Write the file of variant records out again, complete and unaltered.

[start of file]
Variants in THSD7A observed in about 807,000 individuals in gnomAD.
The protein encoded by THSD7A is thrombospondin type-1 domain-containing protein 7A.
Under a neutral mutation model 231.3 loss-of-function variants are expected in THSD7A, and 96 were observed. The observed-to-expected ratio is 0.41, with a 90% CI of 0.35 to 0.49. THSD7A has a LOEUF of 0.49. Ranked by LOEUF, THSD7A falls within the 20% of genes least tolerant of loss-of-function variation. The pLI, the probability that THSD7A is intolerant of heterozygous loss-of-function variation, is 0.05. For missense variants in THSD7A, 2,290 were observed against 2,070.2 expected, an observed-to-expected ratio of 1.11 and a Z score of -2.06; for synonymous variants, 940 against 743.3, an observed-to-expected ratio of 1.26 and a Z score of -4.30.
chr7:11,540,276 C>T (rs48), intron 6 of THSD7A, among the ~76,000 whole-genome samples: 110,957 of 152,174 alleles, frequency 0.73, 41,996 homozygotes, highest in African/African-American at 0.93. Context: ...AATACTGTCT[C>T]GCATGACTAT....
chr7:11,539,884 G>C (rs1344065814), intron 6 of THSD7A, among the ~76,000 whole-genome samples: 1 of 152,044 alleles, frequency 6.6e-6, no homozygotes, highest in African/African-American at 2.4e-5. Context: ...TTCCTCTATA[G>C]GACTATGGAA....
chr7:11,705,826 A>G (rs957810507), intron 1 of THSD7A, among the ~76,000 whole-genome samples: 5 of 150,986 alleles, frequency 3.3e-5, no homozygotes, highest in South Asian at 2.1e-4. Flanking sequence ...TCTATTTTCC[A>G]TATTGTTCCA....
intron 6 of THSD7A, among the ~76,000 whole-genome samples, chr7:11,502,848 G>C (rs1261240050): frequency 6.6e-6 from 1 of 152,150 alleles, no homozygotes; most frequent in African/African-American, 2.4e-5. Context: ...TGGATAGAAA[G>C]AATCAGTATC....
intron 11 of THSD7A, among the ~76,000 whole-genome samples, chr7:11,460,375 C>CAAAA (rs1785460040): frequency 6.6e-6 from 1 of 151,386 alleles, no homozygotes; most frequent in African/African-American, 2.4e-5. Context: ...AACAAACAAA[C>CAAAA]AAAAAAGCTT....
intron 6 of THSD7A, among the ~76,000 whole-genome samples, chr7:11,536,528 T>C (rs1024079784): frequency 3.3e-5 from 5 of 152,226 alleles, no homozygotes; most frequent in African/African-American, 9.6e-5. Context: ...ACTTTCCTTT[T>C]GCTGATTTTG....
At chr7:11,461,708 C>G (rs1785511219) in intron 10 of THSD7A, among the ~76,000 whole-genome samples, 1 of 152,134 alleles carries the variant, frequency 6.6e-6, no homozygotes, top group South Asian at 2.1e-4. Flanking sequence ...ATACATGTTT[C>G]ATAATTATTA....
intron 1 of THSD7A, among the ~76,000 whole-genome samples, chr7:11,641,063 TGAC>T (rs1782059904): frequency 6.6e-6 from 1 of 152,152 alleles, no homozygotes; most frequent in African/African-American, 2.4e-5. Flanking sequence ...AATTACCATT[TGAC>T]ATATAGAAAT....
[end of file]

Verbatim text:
Variants in THSD7A observed in about 807,000 individuals in gnomAD.
The protein encoded by THSD7A is thrombospondin type-1 domain-containing protein 7A.
Under a neutral mutation model 231.3 loss-of-function variants are expected in THSD7A, and 96 were observed. The observed-to-expected ratio is 0.41, with a 90% CI of 0.35 to 0.49. THSD7A has a LOEUF of 0.49. Ranked by LOEUF, THSD7A falls within the 20% of genes least tolerant of loss-of-function variation. The pLI, the probability that THSD7A is intolerant of heterozygous loss-of-function variation, is 0.05. For missense variants in THSD7A, 2,290 were observed against 2,070.2 expected, an observed-to-expected ratio of 1.11 and a Z score of -2.06; for synonymous variants, 940 against 743.3, an observed-to-expected ratio of 1.26 and a Z score of -4.30.
chr7:11,540,276 C>T (rs48), intron 6 of THSD7A, among the ~76,000 whole-genome samples: 110,957 of 152,174 alleles, frequency 0.73, 41,996 homozygotes, highest in African/African-American at 0.93. Context: ...AATACTGTCT[C>T]GCATGACTAT....
chr7:11,539,884 G>C (rs1344065814), intron 6 of THSD7A, among the ~76,000 whole-genome samples: 1 of 152,044 alleles, frequency 6.6e-6, no homozygotes, highest in African/African-American at 2.4e-5. Context: ...TTCCTCTATA[G>C]GACTATGGAA....
chr7:11,705,826 A>G (rs957810507), intron 1 of THSD7A, among the ~76,000 whole-genome samples: 5 of 150,986 alleles, frequency 3.3e-5, no homozygotes, highest in South Asian at 2.1e-4. Flanking sequence ...TCTATTTTCC[A>G]TATTGTTCCA....
intron 6 of THSD7A, among the ~76,000 whole-genome samples, chr7:11,502,848 G>C (rs1261240050): frequency 6.6e-6 from 1 of 152,150 alleles, no homozygotes; most frequent in African/African-American, 2.4e-5. Context: ...TGGATAGAAA[G>C]AATCAGTATC....
intron 11 of THSD7A, among the ~76,000 whole-genome samples, chr7:11,460,375 C>CAAAA (rs1785460040): frequency 6.6e-6 from 1 of 151,386 alleles, no homozygotes; most frequent in African/African-American, 2.4e-5. Context: ...AACAAACAAA[C>CAAAA]AAAAAAGCTT....
intron 6 of THSD7A, among the ~76,000 whole-genome samples, chr7:11,536,528 T>C (rs1024079784): frequency 3.3e-5 from 5 of 152,226 alleles, no homozygotes; most frequent in African/African-American, 9.6e-5. Context: ...ACTTTCCTTT[T>C]GCTGATTTTG....
At chr7:11,461,708 C>G (rs1785511219) in intron 10 of THSD7A, among the ~76,000 whole-genome samples, 1 of 152,134 alleles carries the variant, frequency 6.6e-6, no homozygotes, top group South Asian at 2.1e-4. Flanking sequence ...ATACATGTTT[C>G]ATAATTATTA....
intron 1 of THSD7A, among the ~76,000 whole-genome samples, chr7:11,641,063 TGAC>T (rs1782059904): frequency 6.6e-6 from 1 of 152,152 alleles, no homozygotes; most frequent in African/African-American, 2.4e-5. Flanking sequence ...AATTACCATT[TGAC>T]ATATAGAAAT....